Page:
Play lets its au­di­ence share rea­sons to live

Calgary Herald - - YOU - LOUIS B. HOB­SON

Toronto ac­tor Jenna-Lee Hyde is hav­ing a bril­liant ex­pe­ri­ence and she wants to share it with Cal­gar­i­ans.

Hyde is step­ping into some big shoes to star in Bri­tish play­wright Dun­can Macmil­lan’s award-win­ning play Ev­ery Bril­liant Thing, which toured the United King­dom and North Amer­ica with Bri­tish co­me­dian Jonny Don­a­hoe.

Don­a­hoe’s ver­sion, which was turned into an HBO spe­cial, played at the One Yel­low Rab­bit High Per­for­mance Rodeo in 2017. Now Hyde will bring it to Cal­gary via Fire Exit Theatre and Burnt Thicket Theatre.

Ev­ery Bril­liant Thing looks at de­pres­sion, how it can lead to sui­cide at­tempts and how this im­pacts other fam­ily mem­bers. The nar­ra­tor of the story ex­plains how, as a young child, her mother’s de­pres­sion es­ca­lated. Her father said it was be­cause the girl’s mother couldn’t find any­thing worth liv­ing for. The lit­tle girl made sticky notes of all the bril­liant, won­der­ful things in life like ice cream, rain­bows, pup­pies, kung fu movies and shoot­ing milk out of your nose.

Through the course of the per­for­mance, the nar­ra­tor re­counts how the mother’s de­pres­sion be­came her own and how she re­ally had to find those bril­liant rea­sons to keep on liv­ing.

Macmil­lan’s play is infused with hu­mour and the play it­self reaches out to au­di­ences, giv­ing them sticky notes that they ’ll insert into the play when called upon. Hyde in­sists this is not au­di­ence par­tic­i­pa­tion but au­di­ence in­te­gra­tion.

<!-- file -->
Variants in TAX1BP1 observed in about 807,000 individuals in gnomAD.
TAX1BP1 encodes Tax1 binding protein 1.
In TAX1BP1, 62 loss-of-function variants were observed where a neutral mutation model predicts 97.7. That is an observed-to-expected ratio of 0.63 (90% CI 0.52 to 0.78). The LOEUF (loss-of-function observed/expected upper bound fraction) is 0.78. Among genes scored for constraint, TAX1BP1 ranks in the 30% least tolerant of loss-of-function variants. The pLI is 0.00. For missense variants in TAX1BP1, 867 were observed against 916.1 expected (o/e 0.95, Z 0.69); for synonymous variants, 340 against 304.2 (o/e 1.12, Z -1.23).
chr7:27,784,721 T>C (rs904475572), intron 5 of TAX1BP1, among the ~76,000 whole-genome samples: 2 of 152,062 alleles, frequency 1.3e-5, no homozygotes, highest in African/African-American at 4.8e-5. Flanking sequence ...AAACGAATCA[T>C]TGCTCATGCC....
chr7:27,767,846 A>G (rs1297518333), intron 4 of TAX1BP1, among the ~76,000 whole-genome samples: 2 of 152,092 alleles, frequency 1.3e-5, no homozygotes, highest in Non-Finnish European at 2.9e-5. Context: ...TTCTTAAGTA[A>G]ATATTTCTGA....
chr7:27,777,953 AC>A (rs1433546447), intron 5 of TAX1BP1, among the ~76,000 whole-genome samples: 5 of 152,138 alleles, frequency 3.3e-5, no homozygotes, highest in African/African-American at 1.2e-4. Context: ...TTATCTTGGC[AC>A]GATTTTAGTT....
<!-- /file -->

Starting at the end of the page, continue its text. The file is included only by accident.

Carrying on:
“It’s not some­thing any­one should be afraid of. It’s the gen­tlest way of in­volv­ing au­di­ence mem­bers. It’s what makes each per­for­mance unique,” says Hyde, who started this mini-tour in Saska­toon where she be­gan her per­for­mance and writ­ing ca­reers.

She says Ev­ery Bril­liant Thing is not re­ally her show, but “rather it be­longs to the au­di­ence. They give it its real life. I’m there to tell the story and to fa­cil­i­tate the magic thing that hap­pens at ev­ery per­for­mance.”

Ev­ery Bril­liant Thing was per­formed by Don­a­hoe orig­i­nally at the 2014 Ed­in­burgh Fringe Fes­ti­val, where it was such an enor­mous hit that it was in­vited for a four­month run in New York.

Hyde says she is ex­cited to bring a fe­male voice to the char­ac­ter.

“This is such a univer­sal story that the sex of the nar­ra­tor is not re­ally an is­sue and I feel com­fort­able step­ping into the char­ac­ter.

“It’s vi­tal we talk about men­tal­health is­sues and how they im­pact not just the per­son deal­ing with them but ev­ery­one in their cir­cle. So many of us can re­late to what hap­pens when we are tak­ing care of a par­ent and for­get­ting to care for our­selves and how im­por­tant it is to re­mem­ber life is pre­cious and worth liv­ing.”

Verb Theatre pre­sented Macmil­lan’s play Lungs. Stephen Wald­schmidt, who di­rects this ver­sion of Ev­ery Bril­liant Thing, also di­rected We Are the Body, She Has A Name and Hockey Dad: A Play in Three Pe­ri­ods, for his Burnt Thicket Theatre in Cal­gary.

Ev­ery Bril­liant Thing opens Fire Exit Theatre’s 17th sea­son and runs in the Arts Com­mons Engi­neered Air Theatre Oct. 17 to 21 with per­for­mances Wednesday to Satur­day at 7:30 p.m. with 2 p.m. mati­nees on Satur­day and Sun­day.

Tick­ets are $20 and $25 and are avail­able at 403-640-4617 or on­line at tick­ets@fire­

Jenna-Lee Hyde

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